From a physical ability stand point there may be limitations to what someone can fully participate in. When Shamus was small, I remember him being invited to a birthday party where the focus was a bounce house obstacle course. The parents were concerned that Shamus would feel left out but their child really wanted him to be there. While we knew that Shamus couldn’t physically jump and run through the bounce house maze and obstacles, we were excited to go to the party to see how we could make it work. Shamus was content to let me take him into the bounce house where he stayed on his knees as his friends jumped around him. He smiled with delight and I simply kept a close watch and repositioned him if he fell. When it came time to run through the obstacles, Shamus and the other kids welcomed me in to act as Shamus legs and balance. We had a blast bouncing off the walls, climbing over and under inflatable barriers and sliding down the slide….and what a work out! If we fell we bounced right back up.

Initially the parents of the child celebrating their birthday had thought to exclude Shamus to protect him from feeling left out of the party activities. To this day I am grateful that they called and gave us the opportunity to choose, as the smiles and giggling he had at that party filled everyone in attendance with joy. Inclusion does not mean that we all have to do something the same way. In fact, inclusion means figuring out different ways to allow for participation of ALL. By striving for inclusion we are forced to be creative, innovative, and cooperative.

As Shamus has now entered middle school, inclusion is more important than ever. Of course, he has his Ainsley’s Angels family where he always feels welcome, and he is surrounded by great classmates at school who have grown up with him, but Nichole and I want him to continue to feel free to explore extracurricular activities at school. He has been involved in band and his band director has been great at figuring out ways for Shamus to be able to hold his instrument, get on and off the stage for performances and rehearsals, and even has a second instrument at school so that Shamus doesn’t have to haul his big baritone horn back and forth. Likewise, his teachers accommodate by letting him have a second copy of text books at the house. To safely haul everything back and forth he would need a trailer for his wheelchair!

While we understand that interscholastic athletics aren’t necessarily in the cards for Shamus, we didn’t want to rule them out completely. He loves sports and has more school spirit than almost anyone. Although he can’t safely be on the field representing his beloved school he has become involved as the scoreboard operator, score keeper, manager and all around super fan of the Galway Golden Eagles. He celebrates victories and cries in defeat. But even when he is sad after a loss, it is obvious that he feels included!!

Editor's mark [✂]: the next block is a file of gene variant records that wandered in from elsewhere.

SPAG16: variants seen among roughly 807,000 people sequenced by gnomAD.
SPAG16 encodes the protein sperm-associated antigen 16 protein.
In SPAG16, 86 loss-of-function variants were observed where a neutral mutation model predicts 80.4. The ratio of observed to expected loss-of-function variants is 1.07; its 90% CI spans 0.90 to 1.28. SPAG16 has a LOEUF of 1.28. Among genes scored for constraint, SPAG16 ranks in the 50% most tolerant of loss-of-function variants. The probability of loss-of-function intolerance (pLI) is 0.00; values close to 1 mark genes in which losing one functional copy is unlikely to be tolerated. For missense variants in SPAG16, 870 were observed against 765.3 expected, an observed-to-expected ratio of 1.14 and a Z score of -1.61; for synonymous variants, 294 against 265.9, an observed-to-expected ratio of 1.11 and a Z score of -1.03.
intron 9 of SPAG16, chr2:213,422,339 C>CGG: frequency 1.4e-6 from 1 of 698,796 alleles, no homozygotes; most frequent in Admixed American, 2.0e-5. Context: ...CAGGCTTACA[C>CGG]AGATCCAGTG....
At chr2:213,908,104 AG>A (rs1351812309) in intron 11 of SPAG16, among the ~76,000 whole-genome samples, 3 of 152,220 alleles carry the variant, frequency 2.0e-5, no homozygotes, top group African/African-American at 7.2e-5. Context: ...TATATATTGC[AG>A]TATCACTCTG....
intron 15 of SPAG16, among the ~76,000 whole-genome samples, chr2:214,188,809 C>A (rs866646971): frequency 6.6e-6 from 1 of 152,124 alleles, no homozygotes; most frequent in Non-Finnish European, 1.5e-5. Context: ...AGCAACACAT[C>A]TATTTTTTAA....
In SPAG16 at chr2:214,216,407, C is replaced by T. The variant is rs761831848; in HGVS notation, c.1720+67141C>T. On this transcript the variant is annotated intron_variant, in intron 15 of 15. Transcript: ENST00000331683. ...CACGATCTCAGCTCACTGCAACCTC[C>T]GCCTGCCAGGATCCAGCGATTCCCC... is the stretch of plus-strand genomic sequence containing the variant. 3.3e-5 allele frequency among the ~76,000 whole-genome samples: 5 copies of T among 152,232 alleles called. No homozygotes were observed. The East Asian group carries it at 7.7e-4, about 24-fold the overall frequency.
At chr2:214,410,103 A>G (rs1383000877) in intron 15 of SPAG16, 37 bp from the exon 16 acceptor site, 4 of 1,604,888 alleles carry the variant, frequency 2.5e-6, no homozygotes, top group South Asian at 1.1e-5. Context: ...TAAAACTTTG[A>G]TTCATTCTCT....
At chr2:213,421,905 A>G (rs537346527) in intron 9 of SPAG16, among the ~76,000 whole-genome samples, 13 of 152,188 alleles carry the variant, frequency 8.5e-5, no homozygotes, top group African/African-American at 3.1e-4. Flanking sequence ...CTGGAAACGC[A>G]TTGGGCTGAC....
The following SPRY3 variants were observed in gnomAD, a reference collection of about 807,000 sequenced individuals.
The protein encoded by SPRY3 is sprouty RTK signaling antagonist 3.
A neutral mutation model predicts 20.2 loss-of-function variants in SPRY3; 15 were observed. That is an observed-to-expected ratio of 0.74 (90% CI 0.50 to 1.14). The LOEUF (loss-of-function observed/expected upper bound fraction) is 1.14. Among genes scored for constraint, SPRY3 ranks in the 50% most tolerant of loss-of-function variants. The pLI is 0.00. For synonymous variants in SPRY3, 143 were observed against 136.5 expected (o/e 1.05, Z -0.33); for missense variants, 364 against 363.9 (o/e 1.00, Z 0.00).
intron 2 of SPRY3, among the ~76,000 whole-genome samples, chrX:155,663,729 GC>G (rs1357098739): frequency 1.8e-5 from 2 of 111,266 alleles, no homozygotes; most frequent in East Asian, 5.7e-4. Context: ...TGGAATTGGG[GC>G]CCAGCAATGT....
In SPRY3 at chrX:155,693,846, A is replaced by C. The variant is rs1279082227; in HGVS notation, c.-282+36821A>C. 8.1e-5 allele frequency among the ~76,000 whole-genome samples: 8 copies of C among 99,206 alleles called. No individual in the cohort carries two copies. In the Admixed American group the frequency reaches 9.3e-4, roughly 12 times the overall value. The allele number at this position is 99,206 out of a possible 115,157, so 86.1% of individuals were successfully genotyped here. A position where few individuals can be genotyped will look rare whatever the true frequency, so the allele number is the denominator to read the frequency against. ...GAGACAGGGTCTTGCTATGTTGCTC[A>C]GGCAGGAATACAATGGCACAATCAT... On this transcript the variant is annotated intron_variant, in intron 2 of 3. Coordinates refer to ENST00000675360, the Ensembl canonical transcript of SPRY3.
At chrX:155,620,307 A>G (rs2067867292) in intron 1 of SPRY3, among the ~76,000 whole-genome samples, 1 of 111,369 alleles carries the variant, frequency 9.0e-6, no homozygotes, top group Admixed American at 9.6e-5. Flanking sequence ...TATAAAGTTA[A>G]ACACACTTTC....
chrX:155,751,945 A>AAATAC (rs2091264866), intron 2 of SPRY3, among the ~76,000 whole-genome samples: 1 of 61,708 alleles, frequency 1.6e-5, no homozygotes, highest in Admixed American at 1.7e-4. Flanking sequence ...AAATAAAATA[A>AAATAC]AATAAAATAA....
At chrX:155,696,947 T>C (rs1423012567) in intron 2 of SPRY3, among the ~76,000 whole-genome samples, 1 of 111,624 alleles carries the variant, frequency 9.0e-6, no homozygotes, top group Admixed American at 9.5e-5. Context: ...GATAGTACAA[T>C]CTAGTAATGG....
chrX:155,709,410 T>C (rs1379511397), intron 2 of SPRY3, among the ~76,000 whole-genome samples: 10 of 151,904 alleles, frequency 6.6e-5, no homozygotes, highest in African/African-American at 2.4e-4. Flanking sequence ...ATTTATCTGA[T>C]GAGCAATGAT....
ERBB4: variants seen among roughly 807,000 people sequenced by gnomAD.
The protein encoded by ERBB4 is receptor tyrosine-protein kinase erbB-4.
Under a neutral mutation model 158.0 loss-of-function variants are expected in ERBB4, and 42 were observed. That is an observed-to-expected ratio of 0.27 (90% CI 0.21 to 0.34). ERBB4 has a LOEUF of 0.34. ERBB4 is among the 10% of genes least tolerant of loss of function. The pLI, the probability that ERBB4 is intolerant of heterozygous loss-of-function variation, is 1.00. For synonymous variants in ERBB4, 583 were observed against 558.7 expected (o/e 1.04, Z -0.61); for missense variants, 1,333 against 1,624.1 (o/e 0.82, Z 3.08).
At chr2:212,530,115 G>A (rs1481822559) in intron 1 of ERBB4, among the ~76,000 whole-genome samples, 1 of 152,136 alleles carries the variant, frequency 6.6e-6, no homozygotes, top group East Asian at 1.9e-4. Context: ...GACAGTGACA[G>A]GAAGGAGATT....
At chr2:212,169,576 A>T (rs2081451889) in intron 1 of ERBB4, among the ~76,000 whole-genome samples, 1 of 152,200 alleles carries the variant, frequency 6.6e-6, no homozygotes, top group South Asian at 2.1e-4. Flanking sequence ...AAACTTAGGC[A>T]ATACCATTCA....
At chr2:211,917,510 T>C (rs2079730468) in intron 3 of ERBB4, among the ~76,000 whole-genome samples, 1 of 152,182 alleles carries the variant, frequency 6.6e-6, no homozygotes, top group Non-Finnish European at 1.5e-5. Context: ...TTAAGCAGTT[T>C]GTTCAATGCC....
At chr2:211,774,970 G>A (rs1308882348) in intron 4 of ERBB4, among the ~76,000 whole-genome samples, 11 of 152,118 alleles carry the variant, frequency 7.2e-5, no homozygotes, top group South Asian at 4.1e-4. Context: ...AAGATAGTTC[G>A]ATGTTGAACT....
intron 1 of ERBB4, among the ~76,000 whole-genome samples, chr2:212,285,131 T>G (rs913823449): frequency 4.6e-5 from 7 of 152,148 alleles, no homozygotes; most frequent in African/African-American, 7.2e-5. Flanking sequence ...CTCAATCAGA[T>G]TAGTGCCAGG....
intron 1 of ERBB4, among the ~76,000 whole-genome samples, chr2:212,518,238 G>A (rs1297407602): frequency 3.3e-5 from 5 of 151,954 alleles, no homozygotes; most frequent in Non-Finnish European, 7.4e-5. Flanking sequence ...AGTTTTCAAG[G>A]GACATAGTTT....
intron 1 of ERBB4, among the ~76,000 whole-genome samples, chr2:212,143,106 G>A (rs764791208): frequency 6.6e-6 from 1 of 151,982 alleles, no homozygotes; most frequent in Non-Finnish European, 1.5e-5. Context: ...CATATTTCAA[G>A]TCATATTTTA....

#11 Inclusion continued

Barriers to inclusion:

Last week’s post focused on what inclusion is, this post will focus on what things often prevent inclusion. In previous posts we have examined the environmental barriers that exist to allowing for inclusion. Many buildings simply aren’t built to promote accessibility for ALL. While many people often see this as an issue only with older buildings, the truth is, even newer construction is not always fully accessible or designed to accommodate. Doors without handicap accessible push buttons, door that swinging a direction preventing passage with wheels, door widths, placement of stairs and steps, elevated thresholds, etc are all areas that could be easily addressed when designing a building if only a person with expertise in accessibility were asked for guidance. (See previous posts for more detail on accessibility at www.ainsleysangels.org/education)

While environmental barriers do pose a huge obstacle for inclusion, perhaps the bigger and more prevalent obstacle to inclusion is often attitudinal. Prejudice, discrimination, stereotype and stigma present extreme challenges for anyone who is “different”. The biggest challenge is providing the education to those who have a closed mindset. Perhaps the best, and maybe only, way to overcome a closed mindset is to have a more persistent and positive growth mindset. Overpower the pessimism with optimism. It is easier said than done because another barrier to inclusion is fear. Not only is it the fear of something/someone that is different, but it is also fear of change. In order for inclusion to exist we often have to overcome ideas that have sometimes been in place for years, decades, centuries or even longer.